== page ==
Cop used 'chokehold' on Eric Garner, NYPD trainer testifies

The New York Police Department official in charge of training new recruits said Tuesday that the restraint technique an officer used on Eric Garner five years ago, leading to his death, "meets the definition" of a banned chokehold.

Testifying at an internal disciplinary trial that could lead to Officer Daniel Pantaleo's firing, Inspector Richard Dee cited cellphone video in which Garner is seen coughing after having Pantaleo's arm wrapped around his neck — an indication that pressure on his windpipe obstructed his breathing.

"I'm not saying he intentionally did that, but that's where his arms are," Dee testified as the video played of Pantaleo grabbing Garner and wrestling him to a Staten Island sidewalk in July 2014.

Dee is the latest high-ranking official to say what Garner's family has long believed: that Pantaleo's conduct violated department rules and ran counter to his academy training and the repeated warnings officers receive to avoid tactics that could hinder breathing.

"When I heard that, I was just wondering: Why is Pantaleo still on the payroll? Because that sounds like it should be immediate — I mean, immediate — dismissal," Garner's mother, Gwen Carr, said after Dee testified on the second day of what's expected to be a two-week trial.

In the days after Garner's death, Mayor Bill de Blasio and the police commissioner at the time, Bill Bratton, both said it appeared to them that Pantaleo had used a chokehold, and the city medical examiner ruled that a chokehold caused Garner's death. She is scheduled to testify Wednesday.

An internal affairs investigation reached the same conclusion and disciplinary charges for Pantaleo were requested in January 2015. But they were never filed, and the case languished. The police department says it was deferring to federal prosecutors who were investigating a possible civil rights case.

Last year, however, the police department cleared the way for a police watchdog agency to pursue a disciplinary case against Pantaleo.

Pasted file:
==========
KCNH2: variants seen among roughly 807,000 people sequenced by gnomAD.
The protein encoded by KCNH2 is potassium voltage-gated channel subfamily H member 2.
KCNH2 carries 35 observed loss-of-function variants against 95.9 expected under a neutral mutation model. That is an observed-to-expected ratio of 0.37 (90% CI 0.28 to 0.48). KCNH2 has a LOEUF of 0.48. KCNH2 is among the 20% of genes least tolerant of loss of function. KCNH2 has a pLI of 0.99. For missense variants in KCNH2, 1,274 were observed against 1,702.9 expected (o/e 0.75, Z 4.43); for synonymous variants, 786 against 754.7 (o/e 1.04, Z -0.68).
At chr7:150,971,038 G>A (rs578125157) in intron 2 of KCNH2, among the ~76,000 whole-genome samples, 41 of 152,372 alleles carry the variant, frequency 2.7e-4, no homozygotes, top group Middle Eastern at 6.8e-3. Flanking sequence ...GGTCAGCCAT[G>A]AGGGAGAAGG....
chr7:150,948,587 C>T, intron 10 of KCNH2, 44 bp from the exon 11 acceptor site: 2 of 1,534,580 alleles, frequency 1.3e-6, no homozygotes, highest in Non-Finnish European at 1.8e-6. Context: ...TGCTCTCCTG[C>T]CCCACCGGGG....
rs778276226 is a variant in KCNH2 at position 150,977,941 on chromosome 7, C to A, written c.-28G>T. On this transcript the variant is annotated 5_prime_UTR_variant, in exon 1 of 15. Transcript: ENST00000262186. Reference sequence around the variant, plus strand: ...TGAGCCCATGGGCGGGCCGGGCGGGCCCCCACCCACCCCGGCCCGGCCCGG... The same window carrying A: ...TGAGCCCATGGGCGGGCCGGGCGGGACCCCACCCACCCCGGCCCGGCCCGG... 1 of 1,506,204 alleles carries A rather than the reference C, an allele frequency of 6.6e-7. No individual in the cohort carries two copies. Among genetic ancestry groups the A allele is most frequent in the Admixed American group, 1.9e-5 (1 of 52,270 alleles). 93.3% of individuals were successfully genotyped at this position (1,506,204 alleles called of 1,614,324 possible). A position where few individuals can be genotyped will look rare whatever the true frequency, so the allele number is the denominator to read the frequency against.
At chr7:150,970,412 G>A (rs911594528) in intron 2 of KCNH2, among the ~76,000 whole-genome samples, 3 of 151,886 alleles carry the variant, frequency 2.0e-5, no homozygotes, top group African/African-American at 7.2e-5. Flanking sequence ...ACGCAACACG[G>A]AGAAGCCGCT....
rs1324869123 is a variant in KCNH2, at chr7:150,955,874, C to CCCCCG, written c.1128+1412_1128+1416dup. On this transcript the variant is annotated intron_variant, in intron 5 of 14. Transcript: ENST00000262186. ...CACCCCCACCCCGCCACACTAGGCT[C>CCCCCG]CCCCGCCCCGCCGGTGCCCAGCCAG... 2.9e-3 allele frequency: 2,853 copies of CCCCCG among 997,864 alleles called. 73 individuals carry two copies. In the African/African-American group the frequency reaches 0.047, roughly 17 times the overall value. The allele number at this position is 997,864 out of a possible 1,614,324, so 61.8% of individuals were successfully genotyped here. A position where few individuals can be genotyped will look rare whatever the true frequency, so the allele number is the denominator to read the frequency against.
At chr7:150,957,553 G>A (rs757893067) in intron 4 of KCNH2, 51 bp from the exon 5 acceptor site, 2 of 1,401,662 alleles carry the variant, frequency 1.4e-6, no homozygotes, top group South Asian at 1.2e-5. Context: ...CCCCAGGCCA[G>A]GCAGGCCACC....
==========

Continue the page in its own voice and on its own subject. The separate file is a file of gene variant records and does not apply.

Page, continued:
The NYPD's disciplinary process plays out like a trial in front of an administrative judge, but the purpose is to determine whether Pantaleo violated department rules.

Because Pantaleo's case is moving forward more than 18 months after Garner's death, the statute of limitations has passed on cases hinging only on alleged rules violations.

In order to prevail, the watchdog Civilian Complaint Review Board must show that Pantaleo's actions also constituted crimes, even though he is not charged in a criminal court. The review board must show that Pantaleo acted recklessly and that his conduct meets the elements of the criminal charges of attempted assault and strangulation.

Pantaleo, 33, has been on desk duty since Garner's death. He denies wrongdoing. The final decision on any punishment lies with Police Commissioner James O'Neill, with penalties ranging from the loss of vacation days to firing.

The NYPD banned chokeholds in 1993 after a spike in deaths of people being apprehended or in police custody.

The department's patrol guide, a mammoth volume of practices and procedures, states that officers, "will NOT use chokeholds." It defines the ban to include "any pressure to the throat or windpipe, which may prevent or hinder breathing or reduce intake of air."

A section on chokeholds in the police academy manual issued to Pantaleo in 2006 puts it more bluntly: "they're deadly."

At first, Dee said, it appeared Pantaleo was going for an arm bar, arm lock or what's known as a "seat-belt hold" as he grappled with the 350-pound Garner. All of those are approved restraint techniques.

Then, Dee said, Pantaleo is "kind of just wrapped around his neck and shoulder and is trying to just throw him down."

"He's kind of taking a little ride on his back," he said.

Pantaleo's lawyer and union contend he was using the "seat-belt hold."

They say his training instructor, retired Sgt. Russell Jung, will testify that he taught Pantaleo the technique at the police academy.

Dee cast doubt on that, saying the academy didn't teach the technique until 2011 — five years after Pantaleo joined the force. Dee said there's no indication in police department records that Pantaleo learned the move during later training sessions.

"With something as serious as a takedown, it would not be appropriate to teach something that wasn't approved and wasn't in the lesson plan," Dee said.